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README.md

Gatsby Starter - WCBTN Instructions

0. Installation/Setup

0) a. Install Node JS (recommended v8.11 LTS)

If you already have Node JS, you can skip this step.

You can download & install Node JS from here: https://nodejs.org/en/

0) b. Install GIT

If you're on Mac, GIT should already be available through xcode tools, and if you're in Windows, you can download it from here: https://git-scm.com/

0) c. Install Gatsby CLI

$ npm install --global gatsby-cli

If you have problems installing packages globally, then consider one of these approaches: https://docs.npmjs.com/getting-started/fixing-npm-permissions

0) d. Create your Gatsby Site

$ cd ~/Desktop
$ gatsby new wcbtn-gatsby https://github.com/indigotree/gatsbyworkshop-wc2018-starter.git
$ cd ./wcbtn-gatsby
$ gatsby develop

This will download roughly 275mb of JS packages into your Gatsby directory.

If all goes well, you should have a development server running Gatsby, which you can view by visiting http://localhost:8000

1. Query GraphQL for all WordPress pages

Gatsby doesn't create pages automatically, we need to query all of our WordPress pages and create physical pages for them.

We first need to query for the WordPress pages. Add this within gatsby-node.js to define the query.

const queryWordPressPages = `
  {
    allWordpressPage (filter: { status: { eq : "publish" } }) {
      edges {
        node {
          id
          wordpress_id
          slug
          template
        }
      }
    }
  }
`

2. Run the GraphQL query, and loop through the results

Still inside gatsby-node.js, we need to run the GraphQL query, which will return back all of the pages that matched our query. Here we can loop over those pages ready for step 3 where we create the Gatsby pages.

return graphql(queryWordPressPages).then(r => {
    if (r.errors) {
        console.log(r.errors);
        reject(r.errors);
    }
    _.each(r.data.allWordpressPage.edges, edge => {
        // step 3. add the createPage function here
    });
})
.then(r => {
    resolve();
});

3. Create pages with Gatsby

We can use the createPage function from Gatsby to create physical pages on our site. This code can be added within the loop that we wrote in step 2.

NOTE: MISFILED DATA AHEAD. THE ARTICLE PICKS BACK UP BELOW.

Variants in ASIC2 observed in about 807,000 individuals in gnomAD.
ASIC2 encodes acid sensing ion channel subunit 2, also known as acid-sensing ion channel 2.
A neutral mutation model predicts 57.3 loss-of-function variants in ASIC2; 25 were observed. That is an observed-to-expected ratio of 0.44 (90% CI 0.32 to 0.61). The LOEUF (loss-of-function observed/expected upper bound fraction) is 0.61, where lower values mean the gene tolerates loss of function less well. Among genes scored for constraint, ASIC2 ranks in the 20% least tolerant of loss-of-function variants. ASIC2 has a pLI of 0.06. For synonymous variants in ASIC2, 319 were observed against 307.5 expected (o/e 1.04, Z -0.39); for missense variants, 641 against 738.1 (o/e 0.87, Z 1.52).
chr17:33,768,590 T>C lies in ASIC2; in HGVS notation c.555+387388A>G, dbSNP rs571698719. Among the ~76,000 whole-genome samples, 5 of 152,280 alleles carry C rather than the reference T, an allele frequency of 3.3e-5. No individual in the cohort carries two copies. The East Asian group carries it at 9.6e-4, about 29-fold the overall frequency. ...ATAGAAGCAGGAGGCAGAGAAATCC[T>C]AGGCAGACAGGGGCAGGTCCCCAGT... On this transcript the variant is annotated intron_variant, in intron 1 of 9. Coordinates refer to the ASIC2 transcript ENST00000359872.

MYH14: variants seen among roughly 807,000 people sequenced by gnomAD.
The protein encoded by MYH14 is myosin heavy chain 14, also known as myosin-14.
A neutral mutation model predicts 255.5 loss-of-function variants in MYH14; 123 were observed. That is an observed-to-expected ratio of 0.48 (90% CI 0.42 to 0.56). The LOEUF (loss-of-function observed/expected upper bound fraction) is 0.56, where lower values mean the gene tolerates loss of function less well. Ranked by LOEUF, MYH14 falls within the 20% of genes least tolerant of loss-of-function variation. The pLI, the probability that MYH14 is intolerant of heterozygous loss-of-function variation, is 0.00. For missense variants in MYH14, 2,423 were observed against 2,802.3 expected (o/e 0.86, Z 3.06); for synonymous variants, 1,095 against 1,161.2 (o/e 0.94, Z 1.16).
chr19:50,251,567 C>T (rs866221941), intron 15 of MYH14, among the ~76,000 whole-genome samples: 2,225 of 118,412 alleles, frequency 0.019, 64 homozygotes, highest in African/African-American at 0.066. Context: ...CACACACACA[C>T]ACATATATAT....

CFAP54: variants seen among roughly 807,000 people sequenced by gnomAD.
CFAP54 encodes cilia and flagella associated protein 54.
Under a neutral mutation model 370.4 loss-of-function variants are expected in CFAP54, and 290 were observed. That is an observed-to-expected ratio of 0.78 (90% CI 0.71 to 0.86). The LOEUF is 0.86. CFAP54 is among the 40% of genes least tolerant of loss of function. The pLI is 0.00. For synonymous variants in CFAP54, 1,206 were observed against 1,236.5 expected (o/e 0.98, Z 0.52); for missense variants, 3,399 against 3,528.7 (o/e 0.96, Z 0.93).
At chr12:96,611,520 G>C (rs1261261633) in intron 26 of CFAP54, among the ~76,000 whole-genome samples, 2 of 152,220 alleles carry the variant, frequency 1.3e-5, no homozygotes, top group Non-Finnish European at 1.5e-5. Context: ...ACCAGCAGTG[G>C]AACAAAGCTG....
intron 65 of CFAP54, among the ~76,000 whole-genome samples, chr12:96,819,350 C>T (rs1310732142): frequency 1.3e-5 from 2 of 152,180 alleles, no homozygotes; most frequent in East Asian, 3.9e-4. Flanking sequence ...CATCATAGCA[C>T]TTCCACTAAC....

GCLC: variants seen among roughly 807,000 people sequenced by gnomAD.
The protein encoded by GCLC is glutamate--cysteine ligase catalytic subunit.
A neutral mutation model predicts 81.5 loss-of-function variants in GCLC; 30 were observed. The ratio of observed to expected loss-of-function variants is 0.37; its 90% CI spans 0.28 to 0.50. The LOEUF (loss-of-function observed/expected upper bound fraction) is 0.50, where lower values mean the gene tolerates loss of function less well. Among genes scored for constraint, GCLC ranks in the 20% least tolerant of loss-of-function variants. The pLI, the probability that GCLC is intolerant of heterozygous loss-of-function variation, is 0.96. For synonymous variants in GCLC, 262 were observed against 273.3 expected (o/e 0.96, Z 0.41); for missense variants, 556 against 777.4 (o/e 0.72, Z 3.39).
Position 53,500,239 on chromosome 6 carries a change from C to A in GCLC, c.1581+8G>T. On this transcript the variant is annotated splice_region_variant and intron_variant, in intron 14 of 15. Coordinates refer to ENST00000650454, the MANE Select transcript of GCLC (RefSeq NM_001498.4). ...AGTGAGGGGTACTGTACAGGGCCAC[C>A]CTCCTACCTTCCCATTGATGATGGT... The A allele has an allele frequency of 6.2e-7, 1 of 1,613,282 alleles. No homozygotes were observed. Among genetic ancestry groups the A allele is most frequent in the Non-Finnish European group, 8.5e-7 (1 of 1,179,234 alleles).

createPage({
    path: edge.node.wordpress_id === config.front_page ? '/' : edge.node.slug,
    component: slash(path.resolve(`./src/templates/page.js`)),
    context: {
        id: edge.node.id,
        wordpress_id: edge.node.wordpress_id
    }
});

4. Create the page.js page template

Every page created by createPage() needs to have a template. Let's start by adding an empty template to output the page title & content. Create a file at src/templates/page.js and add the following code:

import React, { Component } from 'react';

export default class PageTemplate extends Component {
    render() {
        return (
            <div>
                <h1>{this.props.data.page.title}</h1>
                <div dangerouslySetInnerHTML={{ __html: this.props.data.page.content }} />
            </div>
        );
    }
}

export const query = graphql`
    query currentPage($id: String!) {
        page: wordpressPage(id: { eq: $id }) {
            title
            content
        }
    }
`

5. Re-run the gatsby-develop command

As we have now made changes with how Gatsby handles the WordPress content. We need to re run the gatsby develop command. You will first need to cancel the current process with CTRL + C and then run gatsby develop.

6. Check Gatsby has created the pages

This should create a Gatsby page for each of our WordPress pages. If you visit http://localhost:8000/nope, which is the Gatsby dev 404 page, you should be able to see a list of all pages created by Gatbsy.

Try to visit one of the pages Gatsby has created for us, such as http://localhost:8000/about where we should see our title & content from WordPress.

7. Improving our page.js template

Update our src/templates/page.js template to include the following code:

import React, { Component } from 'react';

import BaseLayout from '../components/Layouts/BaseLayout';

export default class PageTemplate extends Component {
    render() {
        const { page, config } = this.props.data;
        return (
            <BaseLayout config={config} hero={{ image: page.hero, title: page.title }}>
                <div dangerouslySetInnerHTML={{ __html: page.content }} />
            </BaseLayout>
        );
    }
}

export const query = graphql`
    query currentPage($id: String!) {
        page: wordpressPage(id: { eq: $id }) {
            title
            content
            hero: featured_media {
                ...HeroImage
            }
        }
        config: wordpressGatsbyConfig {
            name
            description
        }
    }
`

8. Tell Gatsby to use our homepage template

During step 3, in gatsby-node.js, we told Gatsby to create all pages using our page.js template. But as we would like our homepage to use a different template, we can add a check to see which page is being created and provide Gatsby with the correct template to use.

Inside gatsby-node.js, find the createPage() code that we added previously, and update the component with:

component: (
  () => {
      if (edge.node.wordpress_id === config.front_page) {
          return slash(path.resolve(`./src/templates/home.js`));
      }
      return slash(path.resolve(`./src/templates/page.js`));
  }
)(),

Next, we need to remove the temporary homepage that you can find at src/pages/index.js. Simply delete this file.

9. Re-run the gatsby-develop command

As we have now made changes with how Gatsby handles the WordPress content. We need to re run the gatsby develop command like we did in step 5.